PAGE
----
Now the cops are out in force, and we have sped-up footage of the car and the pursuing police cars. And as I'm sure you know, whenever you have sped-up footage of anything, you are removed from the movie, far enough to just stare at it and think "This is IDIOTIC." I think I forgot to mention that the car previously killed the older sheriff dude who used to date the abused wife who won't press charges against her husband. Now it kills one cop, then flips and rolls over two police cars at once, handily killing four cops at one. Then Brolin faces it one on one, and fires right at its tires to no avail. The door opens, he's about to have a harsh word with its driver [its windows are all golden foil], but the door opens quickly and biffs him. So Wade gets thrown back by the door, and as he looks at the car the screen slowly fades to white, which in common film parlance either means that a) Jesus is appearing, b) Wade is going to heaven, or c) Wade is beginning to hallucinate, but no, Wade is just passing out. That’s supposed to be a fade to BLACK, fellas. There is an established language here. Anyway, everyone’s all broken up over the fact that so much of the police force has been killed, then one of the other cops drives Lauren home.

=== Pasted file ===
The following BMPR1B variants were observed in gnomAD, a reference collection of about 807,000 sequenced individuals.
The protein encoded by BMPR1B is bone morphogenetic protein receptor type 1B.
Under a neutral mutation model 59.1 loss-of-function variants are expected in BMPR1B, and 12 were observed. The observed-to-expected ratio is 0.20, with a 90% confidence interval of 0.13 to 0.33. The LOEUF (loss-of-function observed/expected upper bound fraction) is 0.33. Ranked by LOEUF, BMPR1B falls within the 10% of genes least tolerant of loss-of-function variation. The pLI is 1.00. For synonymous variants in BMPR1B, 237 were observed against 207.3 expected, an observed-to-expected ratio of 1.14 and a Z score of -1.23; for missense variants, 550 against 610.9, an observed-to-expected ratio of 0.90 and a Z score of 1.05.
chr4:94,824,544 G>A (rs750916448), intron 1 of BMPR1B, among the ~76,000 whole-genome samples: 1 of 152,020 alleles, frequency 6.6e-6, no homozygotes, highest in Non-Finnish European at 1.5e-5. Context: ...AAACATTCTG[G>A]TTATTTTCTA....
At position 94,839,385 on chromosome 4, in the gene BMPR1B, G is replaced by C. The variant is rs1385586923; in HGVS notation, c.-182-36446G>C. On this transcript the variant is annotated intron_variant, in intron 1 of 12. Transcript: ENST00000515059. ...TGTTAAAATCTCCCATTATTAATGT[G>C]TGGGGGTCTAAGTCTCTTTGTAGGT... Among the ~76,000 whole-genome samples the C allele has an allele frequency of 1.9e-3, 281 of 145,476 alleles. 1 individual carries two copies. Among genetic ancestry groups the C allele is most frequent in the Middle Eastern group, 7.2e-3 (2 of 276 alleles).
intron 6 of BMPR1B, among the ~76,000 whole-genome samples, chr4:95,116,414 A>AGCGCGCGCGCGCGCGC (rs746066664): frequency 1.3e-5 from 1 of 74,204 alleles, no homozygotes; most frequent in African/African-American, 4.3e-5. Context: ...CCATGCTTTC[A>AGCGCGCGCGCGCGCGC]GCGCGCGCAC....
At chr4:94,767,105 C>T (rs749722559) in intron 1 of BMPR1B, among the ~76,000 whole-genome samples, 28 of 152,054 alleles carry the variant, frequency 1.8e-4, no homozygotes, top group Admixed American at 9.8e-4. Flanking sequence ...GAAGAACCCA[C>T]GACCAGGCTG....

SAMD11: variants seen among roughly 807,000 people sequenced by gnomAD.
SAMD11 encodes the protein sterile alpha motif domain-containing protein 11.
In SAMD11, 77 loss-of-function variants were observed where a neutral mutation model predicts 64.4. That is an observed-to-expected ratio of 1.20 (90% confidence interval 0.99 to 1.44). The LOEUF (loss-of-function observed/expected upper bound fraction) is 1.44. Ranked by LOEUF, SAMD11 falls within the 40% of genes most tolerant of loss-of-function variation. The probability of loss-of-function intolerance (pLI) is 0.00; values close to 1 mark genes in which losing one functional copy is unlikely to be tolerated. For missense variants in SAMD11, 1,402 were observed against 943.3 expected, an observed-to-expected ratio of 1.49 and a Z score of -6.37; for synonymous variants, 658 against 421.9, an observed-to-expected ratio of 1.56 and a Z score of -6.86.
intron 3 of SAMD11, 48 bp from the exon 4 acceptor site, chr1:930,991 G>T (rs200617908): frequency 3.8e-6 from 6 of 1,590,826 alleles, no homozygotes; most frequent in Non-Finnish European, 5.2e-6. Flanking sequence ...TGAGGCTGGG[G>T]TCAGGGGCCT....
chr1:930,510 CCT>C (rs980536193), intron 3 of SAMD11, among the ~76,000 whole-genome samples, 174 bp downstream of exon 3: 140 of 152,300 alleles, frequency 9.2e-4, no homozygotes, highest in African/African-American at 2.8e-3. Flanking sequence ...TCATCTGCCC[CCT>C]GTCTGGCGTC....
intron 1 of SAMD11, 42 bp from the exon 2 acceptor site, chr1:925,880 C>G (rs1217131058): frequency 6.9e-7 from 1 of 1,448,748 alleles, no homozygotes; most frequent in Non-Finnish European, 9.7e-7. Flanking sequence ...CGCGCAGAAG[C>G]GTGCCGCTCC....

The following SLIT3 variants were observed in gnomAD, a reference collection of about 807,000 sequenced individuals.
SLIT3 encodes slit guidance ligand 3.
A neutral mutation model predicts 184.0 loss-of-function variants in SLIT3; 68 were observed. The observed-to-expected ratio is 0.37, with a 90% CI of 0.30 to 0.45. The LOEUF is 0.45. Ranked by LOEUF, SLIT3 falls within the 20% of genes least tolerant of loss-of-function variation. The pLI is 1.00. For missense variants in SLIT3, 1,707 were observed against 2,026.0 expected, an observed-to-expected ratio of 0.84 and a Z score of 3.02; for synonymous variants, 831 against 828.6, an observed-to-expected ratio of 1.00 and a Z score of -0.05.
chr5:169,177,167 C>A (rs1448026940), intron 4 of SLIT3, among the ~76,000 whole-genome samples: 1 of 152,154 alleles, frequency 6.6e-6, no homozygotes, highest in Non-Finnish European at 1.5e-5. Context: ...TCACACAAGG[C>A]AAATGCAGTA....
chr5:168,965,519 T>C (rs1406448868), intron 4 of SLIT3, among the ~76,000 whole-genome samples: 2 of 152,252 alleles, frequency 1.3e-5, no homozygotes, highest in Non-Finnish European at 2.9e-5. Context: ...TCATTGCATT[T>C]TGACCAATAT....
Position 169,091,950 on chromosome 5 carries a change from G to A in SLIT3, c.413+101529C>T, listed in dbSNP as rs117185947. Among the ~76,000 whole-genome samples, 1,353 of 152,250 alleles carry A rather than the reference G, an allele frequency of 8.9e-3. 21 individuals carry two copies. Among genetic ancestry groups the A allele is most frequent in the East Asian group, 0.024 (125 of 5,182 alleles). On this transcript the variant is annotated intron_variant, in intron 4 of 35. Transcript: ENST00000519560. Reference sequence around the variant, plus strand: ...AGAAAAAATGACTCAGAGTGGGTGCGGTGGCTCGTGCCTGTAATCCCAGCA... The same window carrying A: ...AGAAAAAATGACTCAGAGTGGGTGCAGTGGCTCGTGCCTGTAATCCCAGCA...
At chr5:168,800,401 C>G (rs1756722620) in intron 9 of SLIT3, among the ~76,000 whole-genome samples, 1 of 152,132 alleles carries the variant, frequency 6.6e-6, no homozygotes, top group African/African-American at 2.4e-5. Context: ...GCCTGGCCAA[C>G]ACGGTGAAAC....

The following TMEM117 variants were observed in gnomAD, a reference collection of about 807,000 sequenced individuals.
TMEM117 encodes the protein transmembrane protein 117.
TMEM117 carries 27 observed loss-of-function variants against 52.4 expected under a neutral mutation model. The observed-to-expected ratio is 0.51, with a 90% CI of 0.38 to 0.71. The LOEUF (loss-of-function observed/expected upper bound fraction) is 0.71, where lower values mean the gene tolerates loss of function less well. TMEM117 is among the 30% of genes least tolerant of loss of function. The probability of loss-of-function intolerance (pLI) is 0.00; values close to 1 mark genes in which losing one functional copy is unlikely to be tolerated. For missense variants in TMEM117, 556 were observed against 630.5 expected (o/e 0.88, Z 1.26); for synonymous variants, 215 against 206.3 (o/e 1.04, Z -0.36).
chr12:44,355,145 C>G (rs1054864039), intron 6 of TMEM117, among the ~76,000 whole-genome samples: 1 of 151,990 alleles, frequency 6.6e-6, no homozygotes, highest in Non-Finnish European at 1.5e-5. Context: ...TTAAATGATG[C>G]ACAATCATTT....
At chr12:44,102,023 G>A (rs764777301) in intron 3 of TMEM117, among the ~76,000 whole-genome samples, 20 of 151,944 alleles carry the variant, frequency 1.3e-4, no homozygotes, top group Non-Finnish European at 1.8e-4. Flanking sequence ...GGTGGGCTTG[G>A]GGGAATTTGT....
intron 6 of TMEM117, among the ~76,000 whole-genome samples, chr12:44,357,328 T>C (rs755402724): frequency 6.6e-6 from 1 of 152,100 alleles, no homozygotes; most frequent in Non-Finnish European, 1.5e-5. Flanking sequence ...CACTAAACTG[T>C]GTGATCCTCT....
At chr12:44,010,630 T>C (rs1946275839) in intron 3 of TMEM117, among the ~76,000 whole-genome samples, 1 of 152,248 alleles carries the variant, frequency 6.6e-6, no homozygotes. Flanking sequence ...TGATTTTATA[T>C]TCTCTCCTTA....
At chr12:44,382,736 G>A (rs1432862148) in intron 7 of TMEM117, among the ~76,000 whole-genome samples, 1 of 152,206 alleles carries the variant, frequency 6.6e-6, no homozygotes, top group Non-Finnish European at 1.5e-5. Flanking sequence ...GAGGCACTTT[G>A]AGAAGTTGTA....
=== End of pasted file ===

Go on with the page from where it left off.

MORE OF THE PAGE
She’s standing in the middle of the road when the wind comes up suddenly—as it did just before the prior car attack that she was present at—causing her to think “My! The wind has come up! Just like before the last car attack! Maybe I should just stand here in the middle of the road for a minute or two and stand around looking dazed in an idiotic way!” Then she goes inside [you’ll notice she is working on a portrait—an AWFUL portrait—of Wade] and calls Wade in the hospital, as she stands perpendicular to her giant panoramic front window. The car’s headlights appear in the distance, coming closer, as she tells Wade that she can hear the car’s engine, while you at home are like “Yeah, you giant moron, and if you were to move your eyes one eighth of a millimeter to the left, you would SEE the car coming at you!” Then—you saw we’re in the SPOILERS, right?—you’re sitting there muttering “Jesus Christ this movie is so fucking dumb, a child—” when the words are taken right out of your mouth by the car SHOOTING STRAIGHT THROUGH THE HOUSE AND OUT THE BACK! THAT was totally unforeseen, and I was left there, mouth gaping, like “Wait a second, was that, like, AWESOME?!?!?” I’m afraid it was. But you’d better hold onto it, because it will be the last of its kind. I’m happy to report that Wade’s portrait survived intact. There is NOT, sadly, a big red smear through the house or any entrails hanging from the gaping hole in the house, but this thing is so tame it could be shown uncut on fucking Nickelodeon.